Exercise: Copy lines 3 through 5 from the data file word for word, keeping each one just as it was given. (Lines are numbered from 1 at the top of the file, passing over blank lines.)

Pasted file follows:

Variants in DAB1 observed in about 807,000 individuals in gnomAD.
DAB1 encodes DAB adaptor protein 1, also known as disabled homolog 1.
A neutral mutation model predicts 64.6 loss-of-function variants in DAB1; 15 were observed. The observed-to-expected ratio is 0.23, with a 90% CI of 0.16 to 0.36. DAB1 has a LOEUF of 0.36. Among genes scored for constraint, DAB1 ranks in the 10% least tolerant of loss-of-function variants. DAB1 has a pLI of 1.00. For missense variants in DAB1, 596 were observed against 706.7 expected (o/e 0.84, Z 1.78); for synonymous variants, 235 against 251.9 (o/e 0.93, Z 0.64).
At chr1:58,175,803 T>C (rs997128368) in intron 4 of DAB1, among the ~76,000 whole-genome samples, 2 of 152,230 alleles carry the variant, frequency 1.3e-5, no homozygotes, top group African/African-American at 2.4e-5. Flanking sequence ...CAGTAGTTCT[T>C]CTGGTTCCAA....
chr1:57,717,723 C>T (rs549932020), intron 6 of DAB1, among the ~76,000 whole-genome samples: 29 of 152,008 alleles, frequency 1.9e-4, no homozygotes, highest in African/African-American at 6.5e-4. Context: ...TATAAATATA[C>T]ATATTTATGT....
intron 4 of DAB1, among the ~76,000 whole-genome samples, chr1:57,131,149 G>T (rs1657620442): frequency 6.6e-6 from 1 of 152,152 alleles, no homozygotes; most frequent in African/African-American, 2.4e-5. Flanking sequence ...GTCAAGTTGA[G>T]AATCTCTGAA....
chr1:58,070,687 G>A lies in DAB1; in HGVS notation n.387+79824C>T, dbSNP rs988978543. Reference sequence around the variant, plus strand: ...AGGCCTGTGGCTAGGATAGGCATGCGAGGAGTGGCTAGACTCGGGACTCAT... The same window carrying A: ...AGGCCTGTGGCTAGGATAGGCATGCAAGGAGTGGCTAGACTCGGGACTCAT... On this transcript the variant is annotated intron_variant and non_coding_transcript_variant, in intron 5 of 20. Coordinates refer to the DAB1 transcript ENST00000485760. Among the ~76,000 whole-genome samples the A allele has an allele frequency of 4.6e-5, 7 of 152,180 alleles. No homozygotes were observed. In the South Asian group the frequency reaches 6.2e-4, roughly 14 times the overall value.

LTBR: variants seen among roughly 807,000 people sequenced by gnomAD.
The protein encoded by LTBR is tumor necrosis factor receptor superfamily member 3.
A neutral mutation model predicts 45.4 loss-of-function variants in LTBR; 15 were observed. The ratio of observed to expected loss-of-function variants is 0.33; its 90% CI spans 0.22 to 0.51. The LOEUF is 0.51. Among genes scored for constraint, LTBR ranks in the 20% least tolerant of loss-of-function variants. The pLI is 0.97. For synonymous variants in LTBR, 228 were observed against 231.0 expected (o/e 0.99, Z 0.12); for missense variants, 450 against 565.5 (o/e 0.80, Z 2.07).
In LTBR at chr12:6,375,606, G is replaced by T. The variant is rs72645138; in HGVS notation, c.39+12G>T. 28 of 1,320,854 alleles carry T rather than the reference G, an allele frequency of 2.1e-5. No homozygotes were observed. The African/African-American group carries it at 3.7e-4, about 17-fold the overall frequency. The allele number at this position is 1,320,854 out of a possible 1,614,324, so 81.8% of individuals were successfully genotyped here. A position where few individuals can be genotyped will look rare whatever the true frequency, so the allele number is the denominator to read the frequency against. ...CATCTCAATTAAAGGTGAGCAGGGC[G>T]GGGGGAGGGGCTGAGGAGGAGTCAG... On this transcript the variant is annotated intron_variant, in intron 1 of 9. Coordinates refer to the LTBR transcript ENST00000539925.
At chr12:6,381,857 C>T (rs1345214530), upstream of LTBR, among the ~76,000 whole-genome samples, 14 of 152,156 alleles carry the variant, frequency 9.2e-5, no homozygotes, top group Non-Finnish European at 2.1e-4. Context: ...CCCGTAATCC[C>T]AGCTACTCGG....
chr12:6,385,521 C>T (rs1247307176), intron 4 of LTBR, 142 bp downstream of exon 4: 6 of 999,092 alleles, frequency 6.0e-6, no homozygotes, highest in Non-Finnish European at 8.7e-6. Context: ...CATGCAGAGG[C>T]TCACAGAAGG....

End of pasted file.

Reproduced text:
A neutral mutation model predicts 64.6 loss-of-function variants in DAB1; 15 were observed. The observed-to-expected ratio is 0.23, with a 90% CI of 0.16 to 0.36. DAB1 has a LOEUF of 0.36. Among genes scored for constraint, DAB1 ranks in the 10% least tolerant of loss-of-function variants. DAB1 has a pLI of 1.00. For missense variants in DAB1, 596 were observed against 706.7 expected (o/e 0.84, Z 1.78); for synonymous variants, 235 against 251.9 (o/e 0.93, Z 0.64).
At chr1:58,175,803 T>C (rs997128368) in intron 4 of DAB1, among the ~76,000 whole-genome samples, 2 of 152,230 alleles carry the variant, frequency 1.3e-5, no homozygotes, top group African/African-American at 2.4e-5. Flanking sequence ...CAGTAGTTCT[T>C]CTGGTTCCAA....
chr1:57,717,723 C>T (rs549932020), intron 6 of DAB1, among the ~76,000 whole-genome samples: 29 of 152,008 alleles, frequency 1.9e-4, no homozygotes, highest in African/African-American at 6.5e-4. Context: ...TATAAATATA[C>T]ATATTTATGT....